It has been a year since our loss. Quite a feat, considering what we have experienced. My T is a warrior. He appears so sensitive, and he actually is. During our “hibernation” this past week, T had some tough questions/ comments for us. Discussions ensued, and, of course, we think “What do we say?” I remember the hospital chaplain giving me advice, stating “Always speak the truth. Do not lie, do not sugar coat. He is not coming back. Do not put ideas in his head that will confuse him more. Everyone will die at some point.” I really was in awe by what I was told. Yet, later, I knew he was correct. We cannot say, “Well, B was sick.” This will make T be afraid to get sick or tell us he is sick, thinking he will die too. We cannot say, “He was old or he was sleeping or it was his time.” Again, he won’t want to sleep, or he will fear his grandparents will die…And what does “our time” really mean anyway? Adults are afraid to discuss death; imagine children.
That horrible morning, we simply sat him on the front porch, with a houseful of people inside, and told him his brother had died. It was something along the lines of, “We can’t see him anymore, B is not breathing like us, and we don’t know why he is gone, but we are sad too.” No reaction…confused look and wanted to play. A natural reaction for a child. So, throughout the year, the questions came out, as expected. He speaks to us, and others actually, quite openly about his dead brother. Uncomfortable for some? Probably. Yet, not for us. I am proud of him. We never deny or ignore a discussion or question. We embrace those moments.
So, the photo shows T’s journal. He writes and sketches about his brother. He writes down pictures, questions, or statements. My husband and I also each have a journal; journals have saved us. Writing is very therapeutic. I have come to rely on mine often.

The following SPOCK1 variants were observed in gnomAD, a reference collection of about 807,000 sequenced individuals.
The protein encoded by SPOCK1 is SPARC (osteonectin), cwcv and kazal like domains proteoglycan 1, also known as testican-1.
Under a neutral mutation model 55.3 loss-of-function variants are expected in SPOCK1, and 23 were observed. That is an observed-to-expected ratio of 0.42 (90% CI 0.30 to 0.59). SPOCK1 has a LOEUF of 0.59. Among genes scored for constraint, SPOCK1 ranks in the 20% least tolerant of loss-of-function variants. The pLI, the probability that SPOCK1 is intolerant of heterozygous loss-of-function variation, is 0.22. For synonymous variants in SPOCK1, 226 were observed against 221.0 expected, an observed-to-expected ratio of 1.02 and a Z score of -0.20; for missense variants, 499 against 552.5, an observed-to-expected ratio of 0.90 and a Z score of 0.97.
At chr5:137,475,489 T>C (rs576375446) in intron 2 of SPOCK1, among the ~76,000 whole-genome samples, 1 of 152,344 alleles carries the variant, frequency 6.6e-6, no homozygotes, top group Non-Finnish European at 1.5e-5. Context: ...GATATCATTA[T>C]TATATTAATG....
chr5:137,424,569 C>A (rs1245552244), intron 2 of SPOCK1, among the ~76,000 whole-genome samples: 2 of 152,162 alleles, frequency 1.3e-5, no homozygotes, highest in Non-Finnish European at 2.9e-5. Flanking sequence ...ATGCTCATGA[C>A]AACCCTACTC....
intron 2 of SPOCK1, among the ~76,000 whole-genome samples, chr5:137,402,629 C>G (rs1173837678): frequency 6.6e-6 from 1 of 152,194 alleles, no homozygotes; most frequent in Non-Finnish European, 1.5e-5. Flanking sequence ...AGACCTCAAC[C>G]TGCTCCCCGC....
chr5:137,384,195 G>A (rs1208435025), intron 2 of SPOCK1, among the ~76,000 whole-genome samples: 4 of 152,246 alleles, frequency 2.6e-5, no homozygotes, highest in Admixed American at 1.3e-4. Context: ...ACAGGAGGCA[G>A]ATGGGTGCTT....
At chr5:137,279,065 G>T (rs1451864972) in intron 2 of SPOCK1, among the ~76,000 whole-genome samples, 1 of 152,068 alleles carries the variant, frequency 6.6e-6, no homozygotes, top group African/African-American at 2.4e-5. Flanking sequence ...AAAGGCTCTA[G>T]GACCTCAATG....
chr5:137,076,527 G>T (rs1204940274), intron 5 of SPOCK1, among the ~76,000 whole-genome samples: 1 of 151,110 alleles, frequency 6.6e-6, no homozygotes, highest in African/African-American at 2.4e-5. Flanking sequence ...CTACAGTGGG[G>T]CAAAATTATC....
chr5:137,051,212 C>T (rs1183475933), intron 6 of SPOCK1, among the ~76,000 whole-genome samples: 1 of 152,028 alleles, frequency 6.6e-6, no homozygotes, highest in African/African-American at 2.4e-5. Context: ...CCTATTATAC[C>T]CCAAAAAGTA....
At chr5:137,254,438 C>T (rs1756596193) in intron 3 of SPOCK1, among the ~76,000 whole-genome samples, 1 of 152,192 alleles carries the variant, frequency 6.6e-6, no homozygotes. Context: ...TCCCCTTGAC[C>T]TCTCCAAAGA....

As we approach B’s Angel Day, the nerves seem to be getting the best of us. T is loving summer, but he is anxious. It is almost like he feels something is “off.” We decided to “hibernate” elsewhere for some time, just to relax during the difficult week ahead. Although, we have created something special in our yard to help us reflect and relax…
One of B’s favorite toys was an old rocking horse. It was simply made of plastic, but he loved to climb on it like a cowboy! After drilling four holes into the bottom of it and a circular cut-out on top, we turned the rocking horse into a beautiful planter box to keep in our garden. As we play outside or come and go from the garage, we can stop and reflect about B.
Night or day, it always brings smiles to our faces.
Days after B passed, my family and friends would continuously see dragonflies in our front yard. These small, winged creatures would constantly fly over the lawn nearest our porch, where the children would usually play. Similarly, each time we would visit B at the cemetery, a dragonfly would suddenly appear. We have come to believe that the dragonflies are B’s way of visiting us. Thus, we have come to adorn many things with dragonflies, to remind us of B. T would look for dragonflies everywhere, just to get a feel for his brother. To honor B on holidays, the three of us now each paint a wooden dragonfly. My husband thought the craft would be a nice activity to do as a family, usually each holiday morning or night. The wooden dragonflies are being placed along our basement wall, making beautiful, authentic decor.
It really doesn’t matter what type of day I am experiencing or how many minutes I sat in traffic. I can walk through my door, glance at T and simply melt to pieces. He is my sunshine; the love I feel for him can be overwhelming. In recent months, I continue to melt to pieces, watching my oldest son T smile. Yet, my heart now has an ache for him that no parent should ever feel. Sadness can be just as overwhelming as joy.
I will never understand what he thinks in his mind about the sudden loss of his best friend and brother B. Being so young, I can imagine he has confusion and heartache. I could read books ten times over and listen to countless speeches about loss and grief, but I am the one putting him to bed each night, trying to have him create sweet dreams. I knew I had to create my own methods of helping him grieve; we needed to grieve as a family.